Perhaps Facebook heard people murmuring that the network wasn’t “cool” anymore* and decided to prove them wrong, but whatever the reason, the launch of its new feature, Graph Search, does indeed seem pretty cool.
What is it?
Graph Search allows you to search for very specific things within your own social connections (a.k.a graph) as well as group your friends by shared likes or other similarities. For instance, if you want to search the network to find all your friends who live in New York, you could simply enter something like “my friends who live in New York” into the Graph Search box. Or, you could get more specific by entering “my friends who live in New York who like the Yankees.”
Once you get the results, you can give the results page your own title to “create your own custom view of the content you and your friends have shared on Facebook.”
Why is it special
Unlike web search, you can ask Graph Search questions in plain English, just as would speak in real life. So, instead of simply entering in a key word and getting very broad feedback, you can combine phrases to get more relevant results from the people, places, photos, and other content that’s been shared on Facebook.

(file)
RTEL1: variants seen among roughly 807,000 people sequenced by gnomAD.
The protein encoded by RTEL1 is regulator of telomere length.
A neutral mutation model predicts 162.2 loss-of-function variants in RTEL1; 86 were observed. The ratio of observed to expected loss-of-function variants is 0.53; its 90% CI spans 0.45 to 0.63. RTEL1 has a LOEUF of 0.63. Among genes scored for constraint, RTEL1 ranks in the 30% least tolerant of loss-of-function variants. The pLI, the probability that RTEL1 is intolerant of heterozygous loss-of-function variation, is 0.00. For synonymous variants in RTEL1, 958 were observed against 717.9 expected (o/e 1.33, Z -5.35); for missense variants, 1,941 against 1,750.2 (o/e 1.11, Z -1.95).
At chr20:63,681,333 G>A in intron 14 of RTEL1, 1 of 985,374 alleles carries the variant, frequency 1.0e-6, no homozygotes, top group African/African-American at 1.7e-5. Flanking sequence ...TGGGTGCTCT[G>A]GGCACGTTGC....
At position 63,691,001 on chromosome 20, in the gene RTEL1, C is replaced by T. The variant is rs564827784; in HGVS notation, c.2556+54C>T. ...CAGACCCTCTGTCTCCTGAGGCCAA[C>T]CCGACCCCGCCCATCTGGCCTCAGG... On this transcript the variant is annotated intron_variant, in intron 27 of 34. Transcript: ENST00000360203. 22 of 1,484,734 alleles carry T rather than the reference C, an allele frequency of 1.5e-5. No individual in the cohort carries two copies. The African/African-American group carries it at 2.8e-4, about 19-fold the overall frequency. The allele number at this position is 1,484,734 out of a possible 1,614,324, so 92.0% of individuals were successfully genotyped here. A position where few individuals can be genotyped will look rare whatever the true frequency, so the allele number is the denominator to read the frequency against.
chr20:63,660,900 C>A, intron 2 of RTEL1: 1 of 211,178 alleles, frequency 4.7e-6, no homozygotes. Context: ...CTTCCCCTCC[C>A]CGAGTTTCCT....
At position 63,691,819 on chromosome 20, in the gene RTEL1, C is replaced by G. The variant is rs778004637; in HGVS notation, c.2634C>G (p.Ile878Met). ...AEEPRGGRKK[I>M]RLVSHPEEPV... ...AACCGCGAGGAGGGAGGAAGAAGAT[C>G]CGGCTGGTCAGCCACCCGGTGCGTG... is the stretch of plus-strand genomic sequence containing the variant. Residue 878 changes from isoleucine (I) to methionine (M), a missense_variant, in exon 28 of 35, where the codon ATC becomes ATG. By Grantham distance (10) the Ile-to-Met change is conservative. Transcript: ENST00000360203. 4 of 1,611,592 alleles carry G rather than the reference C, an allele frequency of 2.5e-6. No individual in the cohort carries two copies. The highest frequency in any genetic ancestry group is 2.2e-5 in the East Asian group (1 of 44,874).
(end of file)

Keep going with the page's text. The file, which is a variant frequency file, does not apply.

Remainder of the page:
Of course, all results are unique and intended to be highly relevant since they are based on the user’s own relationships and connections.
They said, “We’ve built Graph Search from the start with privacy in mind, and it respects the privacy and audience of each piece of content on Facebook. It makes finding new things much easier, but you can only see what you could already view elsewhere on Facebook.”
Of course, this update sounds all well and good for consumers, but does it have any marketing potential?
Well, the first thing that comes to mind is the quick access it gives users to products, services, and establishments their friends Like. For instance, someone need only search “restaurants nearby my friends like” to get a list of “pre-approved” places to eat, and the same principle can work for products or services. This gives businesses with a strong Facebook presence even more opportunities to connect with interested customers.
What’s more, users can use Graph Search to find businesses that were given a thumbs-up from friends (or friends of friends), which gives small and local businesses a chance to standout.
When’s it available?
Graph search launched today with limited availability. For now, it focuses on only four categories: people, photos, places, and interests. If you’re interested, you can sign-up for the waitlist, although Facebook has said the roll out will be slow so they can “see how people use Graph Search and make improvements.”
Facebook also stressed they are still very early in development and, as of now, it’s only available in English.
What’s your opinion — exciting change or no big deal?